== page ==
Is "window dressing" illegal?

Discussion in 'Stocks' started by Ghost of Cutten, May 31, 2012.

  1. The act of pumping up a stock the final day of the quarter (or year) to 'boost performance' - isn't this falling into the are of market manipulation (and potential fraud or at least misleading advertising against fund investors)? People have been prosecuted in the futures markets for jamming the close before expiry, so why do stock fund managers get a free pass? Either make all 'market manipulation' legal, or enforce the laws in all cases - the current selective enforcement makes no sense at all.
  2. there is not pumping of anything in 'window dressing'

    all that means is if i'm a mutual fund with a bunch of shity stocks, at the end of the quarter or year i may sell them and buy some that performed very well.

    That way you can present good looking stocks in your marketing material or your clients arent getting year end or quarter end statements that have a list of stocks that are down 30%.

    "hey look at fund xyz, they own a bunch of stocks that did really well this year, maybe its a good fund"

    yeah, its stupid and so are most money managers on wall st.
  3. Hmm we have different definitions of window dressing then.

    To clarify, what I mean is deliberately bidding up the price of stocks on your books on the last day of the quarter, to try and juice performance numbers for that quarter. The object being to alter the price, rather than to alter the composition of your trading book.

    Obviously, if I was talking about just shifting your holdings, there would be no question of illegality.
  4. pspr


    What you are describing is called "stock manipulation".

    What ChikitOut described is called "window dressing".
  5. I agree with Cutten, and I understand what he is talking about but I checked investopedia and other sites and the CK is correct.

    Now I don't know what they call the eom manipulatioon of stock prices that Cutten is referring to but it's done and he has a valid point.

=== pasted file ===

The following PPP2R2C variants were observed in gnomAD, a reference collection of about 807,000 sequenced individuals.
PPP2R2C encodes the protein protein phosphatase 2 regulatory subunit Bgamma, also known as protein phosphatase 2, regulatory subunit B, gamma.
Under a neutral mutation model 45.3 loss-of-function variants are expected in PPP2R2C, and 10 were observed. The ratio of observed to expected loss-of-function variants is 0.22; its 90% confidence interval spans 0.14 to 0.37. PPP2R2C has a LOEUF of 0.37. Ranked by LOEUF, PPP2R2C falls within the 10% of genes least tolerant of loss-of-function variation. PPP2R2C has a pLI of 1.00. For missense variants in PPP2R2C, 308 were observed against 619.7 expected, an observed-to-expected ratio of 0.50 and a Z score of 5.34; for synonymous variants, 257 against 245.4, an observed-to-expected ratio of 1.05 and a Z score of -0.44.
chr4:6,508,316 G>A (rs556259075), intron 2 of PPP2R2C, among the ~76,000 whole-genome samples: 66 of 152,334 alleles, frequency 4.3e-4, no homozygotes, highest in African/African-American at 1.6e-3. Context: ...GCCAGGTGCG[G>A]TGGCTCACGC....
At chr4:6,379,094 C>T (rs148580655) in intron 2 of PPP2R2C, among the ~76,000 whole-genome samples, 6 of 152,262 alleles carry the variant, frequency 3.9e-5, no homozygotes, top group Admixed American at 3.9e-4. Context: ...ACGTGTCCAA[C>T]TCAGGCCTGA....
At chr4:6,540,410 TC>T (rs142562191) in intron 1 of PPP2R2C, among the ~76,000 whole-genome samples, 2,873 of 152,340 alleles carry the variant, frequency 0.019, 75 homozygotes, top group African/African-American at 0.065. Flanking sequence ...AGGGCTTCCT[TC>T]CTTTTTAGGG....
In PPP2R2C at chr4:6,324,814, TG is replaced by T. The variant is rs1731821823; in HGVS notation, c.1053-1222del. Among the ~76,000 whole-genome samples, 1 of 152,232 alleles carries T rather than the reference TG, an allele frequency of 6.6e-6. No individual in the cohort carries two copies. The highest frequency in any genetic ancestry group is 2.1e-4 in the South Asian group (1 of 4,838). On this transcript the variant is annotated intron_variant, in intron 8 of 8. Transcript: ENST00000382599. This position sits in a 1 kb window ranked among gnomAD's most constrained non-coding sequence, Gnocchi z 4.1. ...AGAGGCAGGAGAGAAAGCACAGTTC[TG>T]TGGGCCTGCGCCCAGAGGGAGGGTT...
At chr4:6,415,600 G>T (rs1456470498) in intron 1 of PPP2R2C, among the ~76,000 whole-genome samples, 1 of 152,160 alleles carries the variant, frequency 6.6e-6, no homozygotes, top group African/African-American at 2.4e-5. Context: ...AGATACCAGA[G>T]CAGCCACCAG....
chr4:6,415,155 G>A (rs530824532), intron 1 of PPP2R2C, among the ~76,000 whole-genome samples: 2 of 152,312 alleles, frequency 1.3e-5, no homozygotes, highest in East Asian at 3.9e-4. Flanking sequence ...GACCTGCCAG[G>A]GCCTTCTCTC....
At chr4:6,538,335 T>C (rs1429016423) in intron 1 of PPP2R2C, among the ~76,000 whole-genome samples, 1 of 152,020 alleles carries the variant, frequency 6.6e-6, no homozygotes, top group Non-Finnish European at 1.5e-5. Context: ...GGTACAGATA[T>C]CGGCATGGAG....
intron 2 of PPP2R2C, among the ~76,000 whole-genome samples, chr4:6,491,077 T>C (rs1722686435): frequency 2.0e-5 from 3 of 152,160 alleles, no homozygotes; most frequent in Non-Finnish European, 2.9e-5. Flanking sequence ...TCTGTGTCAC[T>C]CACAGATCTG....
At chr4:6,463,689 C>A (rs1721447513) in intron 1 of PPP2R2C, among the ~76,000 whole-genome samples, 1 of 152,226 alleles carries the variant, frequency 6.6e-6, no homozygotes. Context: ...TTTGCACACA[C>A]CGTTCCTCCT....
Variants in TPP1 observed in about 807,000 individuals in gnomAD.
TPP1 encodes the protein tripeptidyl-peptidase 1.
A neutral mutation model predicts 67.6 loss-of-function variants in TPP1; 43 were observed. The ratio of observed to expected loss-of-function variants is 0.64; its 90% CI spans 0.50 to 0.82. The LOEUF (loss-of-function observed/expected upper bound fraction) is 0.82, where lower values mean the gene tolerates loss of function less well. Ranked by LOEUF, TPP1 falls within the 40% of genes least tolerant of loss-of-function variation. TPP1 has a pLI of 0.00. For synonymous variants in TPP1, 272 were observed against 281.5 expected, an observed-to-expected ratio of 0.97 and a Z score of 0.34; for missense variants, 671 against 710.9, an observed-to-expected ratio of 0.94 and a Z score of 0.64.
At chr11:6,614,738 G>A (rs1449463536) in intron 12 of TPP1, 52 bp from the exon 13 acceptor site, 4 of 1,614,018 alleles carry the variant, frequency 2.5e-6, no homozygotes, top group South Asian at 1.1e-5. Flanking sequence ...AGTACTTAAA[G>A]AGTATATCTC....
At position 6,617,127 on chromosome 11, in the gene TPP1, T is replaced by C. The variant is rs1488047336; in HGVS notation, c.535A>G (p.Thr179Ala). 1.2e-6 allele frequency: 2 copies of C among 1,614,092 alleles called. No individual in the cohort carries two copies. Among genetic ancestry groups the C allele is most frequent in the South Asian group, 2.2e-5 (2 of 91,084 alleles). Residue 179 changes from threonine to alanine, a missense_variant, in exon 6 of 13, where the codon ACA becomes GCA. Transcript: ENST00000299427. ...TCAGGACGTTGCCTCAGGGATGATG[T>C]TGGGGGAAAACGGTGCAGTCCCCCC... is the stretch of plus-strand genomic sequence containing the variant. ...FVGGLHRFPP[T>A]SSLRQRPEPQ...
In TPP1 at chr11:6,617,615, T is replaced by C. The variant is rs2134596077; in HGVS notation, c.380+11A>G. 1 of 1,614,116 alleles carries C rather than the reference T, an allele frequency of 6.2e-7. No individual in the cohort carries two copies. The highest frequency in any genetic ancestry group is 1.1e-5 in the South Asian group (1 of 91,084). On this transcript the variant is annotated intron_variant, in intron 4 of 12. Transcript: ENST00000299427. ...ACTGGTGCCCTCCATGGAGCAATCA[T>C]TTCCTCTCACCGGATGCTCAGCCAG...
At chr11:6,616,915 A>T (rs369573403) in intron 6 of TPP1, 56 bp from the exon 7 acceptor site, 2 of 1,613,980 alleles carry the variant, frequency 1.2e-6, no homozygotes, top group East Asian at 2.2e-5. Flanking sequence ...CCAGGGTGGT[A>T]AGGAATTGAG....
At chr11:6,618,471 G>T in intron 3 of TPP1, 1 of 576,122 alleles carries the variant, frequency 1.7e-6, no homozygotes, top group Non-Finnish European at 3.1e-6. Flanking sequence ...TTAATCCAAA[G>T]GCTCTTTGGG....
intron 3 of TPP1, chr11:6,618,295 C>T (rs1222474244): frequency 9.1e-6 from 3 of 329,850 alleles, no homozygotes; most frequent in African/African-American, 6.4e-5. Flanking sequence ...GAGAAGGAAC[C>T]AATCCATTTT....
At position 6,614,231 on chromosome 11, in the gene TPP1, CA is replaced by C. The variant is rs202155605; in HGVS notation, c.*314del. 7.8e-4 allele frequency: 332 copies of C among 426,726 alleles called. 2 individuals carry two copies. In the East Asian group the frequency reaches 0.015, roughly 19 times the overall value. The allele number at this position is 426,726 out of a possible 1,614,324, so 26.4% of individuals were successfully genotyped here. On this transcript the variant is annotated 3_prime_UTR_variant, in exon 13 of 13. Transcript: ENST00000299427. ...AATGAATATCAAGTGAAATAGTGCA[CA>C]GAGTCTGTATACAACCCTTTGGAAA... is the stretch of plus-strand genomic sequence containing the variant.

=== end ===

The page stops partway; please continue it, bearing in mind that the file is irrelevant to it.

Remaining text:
6. TD80


    If you think it is unnatural, why not simply short into it?

    (I say this tongue-in-cheek as sometimes over the Internet these things could be misinterpreted).

    Enforcement is a sticky wicket. You can't catch everyone and even if you could it would become very unpopular for you to do so. Better to take clear-cut egregious offenders and fry the hell out of them in a public spectacle (better for regulators, better for the string pullers in industry).

    I agree with Cutten in premise though, but I think it is unrealistic to enforce in this case as it is so easily masked as legitimate activity.

    What I find entertaining is how those guys gamed the Timber Hill market making bot, started smacking the house around, and then they get a nasty enforcement action. You would almost think they were counting cards in Nigeria or something :D

    It sure wakes one up to who the regulators work for...
  7. It's not illegal if the end result is that stock prices go up - only if they go down.
  8. -1
  9. Unfortunately there is some truth to this.
  10. Bison42


    History has shown that investing is a "follow the leader" mentality. If you're a fund and you're not holding what everyone who has positive returns is holding, then you wait until the last minute and get those stocks in your portfolio.

    This is the most rediculous attemp to hop on the bandwagon I've ever seen. These fund managers are almost criminal in their actions because they are just following the crowd. If they weren't they would have done their research and gotten in when they were supposed to not when the train left the station.
    #10     Jun 4, 2012